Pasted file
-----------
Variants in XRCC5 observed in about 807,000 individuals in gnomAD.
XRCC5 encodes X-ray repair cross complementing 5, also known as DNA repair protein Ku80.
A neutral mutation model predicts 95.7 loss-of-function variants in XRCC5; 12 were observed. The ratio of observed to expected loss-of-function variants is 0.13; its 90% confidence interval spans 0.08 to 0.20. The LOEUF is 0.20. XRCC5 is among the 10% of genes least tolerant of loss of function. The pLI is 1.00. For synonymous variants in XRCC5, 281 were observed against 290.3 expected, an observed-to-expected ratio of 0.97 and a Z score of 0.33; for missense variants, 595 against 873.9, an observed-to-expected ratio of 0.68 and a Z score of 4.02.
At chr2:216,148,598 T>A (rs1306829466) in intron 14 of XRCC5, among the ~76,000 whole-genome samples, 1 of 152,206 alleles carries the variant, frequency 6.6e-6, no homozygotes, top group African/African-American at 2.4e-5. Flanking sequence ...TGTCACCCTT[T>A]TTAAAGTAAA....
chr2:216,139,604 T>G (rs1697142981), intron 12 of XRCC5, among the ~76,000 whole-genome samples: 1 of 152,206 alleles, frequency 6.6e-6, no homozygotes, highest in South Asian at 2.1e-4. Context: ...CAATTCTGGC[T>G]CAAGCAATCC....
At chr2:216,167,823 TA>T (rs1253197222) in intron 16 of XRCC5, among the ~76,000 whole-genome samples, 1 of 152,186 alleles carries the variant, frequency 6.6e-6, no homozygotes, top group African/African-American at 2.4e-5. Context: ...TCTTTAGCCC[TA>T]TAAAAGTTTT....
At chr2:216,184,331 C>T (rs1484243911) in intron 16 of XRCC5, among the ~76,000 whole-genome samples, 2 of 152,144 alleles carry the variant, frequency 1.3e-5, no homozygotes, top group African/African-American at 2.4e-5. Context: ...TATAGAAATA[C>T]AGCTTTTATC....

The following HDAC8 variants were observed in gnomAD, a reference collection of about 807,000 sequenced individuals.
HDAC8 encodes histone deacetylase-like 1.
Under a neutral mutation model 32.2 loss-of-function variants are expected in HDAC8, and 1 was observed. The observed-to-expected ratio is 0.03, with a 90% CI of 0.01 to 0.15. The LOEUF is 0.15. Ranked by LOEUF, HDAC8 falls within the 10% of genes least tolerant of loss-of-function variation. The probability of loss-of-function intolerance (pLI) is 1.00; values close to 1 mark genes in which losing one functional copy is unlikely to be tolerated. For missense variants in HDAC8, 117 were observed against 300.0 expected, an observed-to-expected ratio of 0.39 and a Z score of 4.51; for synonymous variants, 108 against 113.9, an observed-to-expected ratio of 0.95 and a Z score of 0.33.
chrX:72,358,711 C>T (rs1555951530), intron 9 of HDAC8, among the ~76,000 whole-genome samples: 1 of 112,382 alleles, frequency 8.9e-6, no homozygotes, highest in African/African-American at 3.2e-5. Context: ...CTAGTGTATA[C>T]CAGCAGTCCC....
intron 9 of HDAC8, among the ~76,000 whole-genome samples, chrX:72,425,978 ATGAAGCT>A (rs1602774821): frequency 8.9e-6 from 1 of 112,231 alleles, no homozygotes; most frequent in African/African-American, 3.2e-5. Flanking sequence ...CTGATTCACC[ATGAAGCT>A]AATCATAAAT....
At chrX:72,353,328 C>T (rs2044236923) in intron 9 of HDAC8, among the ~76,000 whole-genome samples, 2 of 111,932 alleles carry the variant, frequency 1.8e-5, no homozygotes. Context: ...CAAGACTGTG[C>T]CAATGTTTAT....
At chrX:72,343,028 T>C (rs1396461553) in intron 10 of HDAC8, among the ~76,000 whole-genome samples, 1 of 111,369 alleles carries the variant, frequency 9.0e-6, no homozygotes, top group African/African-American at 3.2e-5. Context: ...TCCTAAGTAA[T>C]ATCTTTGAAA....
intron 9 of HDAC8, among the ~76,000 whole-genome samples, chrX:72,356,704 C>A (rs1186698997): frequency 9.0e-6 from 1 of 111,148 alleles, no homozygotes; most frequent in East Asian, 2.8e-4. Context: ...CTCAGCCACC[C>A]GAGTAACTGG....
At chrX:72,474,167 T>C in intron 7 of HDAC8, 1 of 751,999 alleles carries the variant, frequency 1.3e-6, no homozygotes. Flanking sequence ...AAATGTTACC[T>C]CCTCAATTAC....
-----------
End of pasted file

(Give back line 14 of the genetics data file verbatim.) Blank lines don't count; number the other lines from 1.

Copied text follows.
At chrX:72,343,028 T>C (rs1396461553) in intron 10 of HDAC8, among the ~76,000 whole-genome samples, 1 of 111,369 alleles carries the variant, frequency 9.0e-6, no homozygotes, top group African/African-American at 3.2e-5. Context: ...TCCTAAGTAA[T>C]ATCTTTGAAA....